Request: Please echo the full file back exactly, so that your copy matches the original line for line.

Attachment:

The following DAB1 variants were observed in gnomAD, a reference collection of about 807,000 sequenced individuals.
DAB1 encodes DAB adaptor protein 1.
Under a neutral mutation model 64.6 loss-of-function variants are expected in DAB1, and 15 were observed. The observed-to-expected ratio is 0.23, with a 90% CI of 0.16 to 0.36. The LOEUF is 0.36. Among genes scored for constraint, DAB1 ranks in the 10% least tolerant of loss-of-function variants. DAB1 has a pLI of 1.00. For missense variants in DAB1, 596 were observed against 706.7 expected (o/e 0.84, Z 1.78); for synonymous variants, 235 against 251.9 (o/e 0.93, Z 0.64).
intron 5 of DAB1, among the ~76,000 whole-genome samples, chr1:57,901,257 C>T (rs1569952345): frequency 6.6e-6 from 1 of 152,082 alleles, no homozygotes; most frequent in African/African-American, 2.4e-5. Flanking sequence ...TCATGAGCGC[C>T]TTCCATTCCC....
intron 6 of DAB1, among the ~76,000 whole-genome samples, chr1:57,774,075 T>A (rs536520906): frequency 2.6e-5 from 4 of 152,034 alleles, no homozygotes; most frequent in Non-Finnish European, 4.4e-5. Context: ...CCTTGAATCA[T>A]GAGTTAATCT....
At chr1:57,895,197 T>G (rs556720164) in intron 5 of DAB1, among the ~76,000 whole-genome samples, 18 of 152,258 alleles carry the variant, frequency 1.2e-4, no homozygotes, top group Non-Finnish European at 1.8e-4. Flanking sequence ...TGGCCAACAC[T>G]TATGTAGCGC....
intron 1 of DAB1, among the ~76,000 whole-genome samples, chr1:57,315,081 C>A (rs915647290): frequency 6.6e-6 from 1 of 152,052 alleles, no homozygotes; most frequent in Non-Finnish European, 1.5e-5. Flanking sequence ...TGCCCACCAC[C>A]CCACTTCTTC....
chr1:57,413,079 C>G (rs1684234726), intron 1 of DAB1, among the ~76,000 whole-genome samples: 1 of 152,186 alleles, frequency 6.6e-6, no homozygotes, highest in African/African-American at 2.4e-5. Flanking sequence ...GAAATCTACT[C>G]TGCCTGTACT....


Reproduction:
The following DAB1 variants were observed in gnomAD, a reference collection of about 807,000 sequenced individuals.
DAB1 encodes DAB adaptor protein 1.
Under a neutral mutation model 64.6 loss-of-function variants are expected in DAB1, and 15 were observed. The observed-to-expected ratio is 0.23, with a 90% CI of 0.16 to 0.36. The LOEUF is 0.36. Among genes scored for constraint, DAB1 ranks in the 10% least tolerant of loss-of-function variants. DAB1 has a pLI of 1.00. For missense variants in DAB1, 596 were observed against 706.7 expected (o/e 0.84, Z 1.78); for synonymous variants, 235 against 251.9 (o/e 0.93, Z 0.64).
intron 5 of DAB1, among the ~76,000 whole-genome samples, chr1:57,901,257 C>T (rs1569952345): frequency 6.6e-6 from 1 of 152,082 alleles, no homozygotes; most frequent in African/African-American, 2.4e-5. Flanking sequence ...TCATGAGCGC[C>T]TTCCATTCCC....
intron 6 of DAB1, among the ~76,000 whole-genome samples, chr1:57,774,075 T>A (rs536520906): frequency 2.6e-5 from 4 of 152,034 alleles, no homozygotes; most frequent in Non-Finnish European, 4.4e-5. Context: ...CCTTGAATCA[T>A]GAGTTAATCT....
At chr1:57,895,197 T>G (rs556720164) in intron 5 of DAB1, among the ~76,000 whole-genome samples, 18 of 152,258 alleles carry the variant, frequency 1.2e-4, no homozygotes, top group Non-Finnish European at 1.8e-4. Flanking sequence ...TGGCCAACAC[T>G]TATGTAGCGC....
intron 1 of DAB1, among the ~76,000 whole-genome samples, chr1:57,315,081 C>A (rs915647290): frequency 6.6e-6 from 1 of 152,052 alleles, no homozygotes; most frequent in Non-Finnish European, 1.5e-5. Flanking sequence ...TGCCCACCAC[C>A]CCACTTCTTC....
chr1:57,413,079 C>G (rs1684234726), intron 1 of DAB1, among the ~76,000 whole-genome samples: 1 of 152,186 alleles, frequency 6.6e-6, no homozygotes, highest in African/African-American at 2.4e-5. Flanking sequence ...GAAATCTACT[C>G]TGCCTGTACT....